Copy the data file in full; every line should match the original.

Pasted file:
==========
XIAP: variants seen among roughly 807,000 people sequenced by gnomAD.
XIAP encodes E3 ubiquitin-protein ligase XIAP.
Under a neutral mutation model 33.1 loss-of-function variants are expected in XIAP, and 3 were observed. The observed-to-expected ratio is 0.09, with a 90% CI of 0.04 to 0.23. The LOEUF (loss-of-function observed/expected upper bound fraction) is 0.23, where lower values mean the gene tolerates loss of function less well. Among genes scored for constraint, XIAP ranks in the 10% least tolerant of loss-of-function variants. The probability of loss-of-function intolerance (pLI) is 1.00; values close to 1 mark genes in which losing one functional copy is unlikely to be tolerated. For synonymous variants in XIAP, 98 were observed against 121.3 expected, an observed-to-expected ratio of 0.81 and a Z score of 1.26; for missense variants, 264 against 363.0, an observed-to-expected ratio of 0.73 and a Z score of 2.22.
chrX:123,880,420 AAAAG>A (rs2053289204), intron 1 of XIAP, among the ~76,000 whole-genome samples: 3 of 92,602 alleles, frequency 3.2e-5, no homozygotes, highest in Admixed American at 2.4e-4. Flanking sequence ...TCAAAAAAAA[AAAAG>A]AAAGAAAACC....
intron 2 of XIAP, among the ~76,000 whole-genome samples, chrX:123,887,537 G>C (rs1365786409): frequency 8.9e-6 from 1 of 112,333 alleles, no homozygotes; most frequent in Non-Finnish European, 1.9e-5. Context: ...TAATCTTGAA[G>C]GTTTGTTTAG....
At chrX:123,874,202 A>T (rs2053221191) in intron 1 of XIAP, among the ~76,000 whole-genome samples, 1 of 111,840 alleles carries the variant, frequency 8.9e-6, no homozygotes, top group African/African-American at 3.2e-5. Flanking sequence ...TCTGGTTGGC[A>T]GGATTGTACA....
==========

XIAP: variants seen among roughly 807,000 people sequenced by gnomAD.
XIAP encodes E3 ubiquitin-protein ligase XIAP.
Under a neutral mutation model 33.1 loss-of-function variants are expected in XIAP, and 3 were observed. The observed-to-expected ratio is 0.09, with a 90% CI of 0.04 to 0.23. The LOEUF (loss-of-function observed/expected upper bound fraction) is 0.23, where lower values mean the gene tolerates loss of function less well. Among genes scored for constraint, XIAP ranks in the 10% least tolerant of loss-of-function variants. The probability of loss-of-function intolerance (pLI) is 1.00; values close to 1 mark genes in which losing one functional copy is unlikely to be tolerated. For synonymous variants in XIAP, 98 were observed against 121.3 expected, an observed-to-expected ratio of 0.81 and a Z score of 1.26; for missense variants, 264 against 363.0, an observed-to-expected ratio of 0.73 and a Z score of 2.22.
chrX:123,880,420 AAAAG>A (rs2053289204), intron 1 of XIAP, among the ~76,000 whole-genome samples: 3 of 92,602 alleles, frequency 3.2e-5, no homozygotes, highest in Admixed American at 2.4e-4. Flanking sequence ...TCAAAAAAAA[AAAAG>A]AAAGAAAACC....
intron 2 of XIAP, among the ~76,000 whole-genome samples, chrX:123,887,537 G>C (rs1365786409): frequency 8.9e-6 from 1 of 112,333 alleles, no homozygotes; most frequent in Non-Finnish European, 1.9e-5. Context: ...TAATCTTGAA[G>C]GTTTGTTTAG....
At chrX:123,874,202 A>T (rs2053221191) in intron 1 of XIAP, among the ~76,000 whole-genome samples, 1 of 111,840 alleles carries the variant, frequency 8.9e-6, no homozygotes, top group African/African-American at 3.2e-5. Flanking sequence ...TCTGGTTGGC[A>T]GGATTGTACA....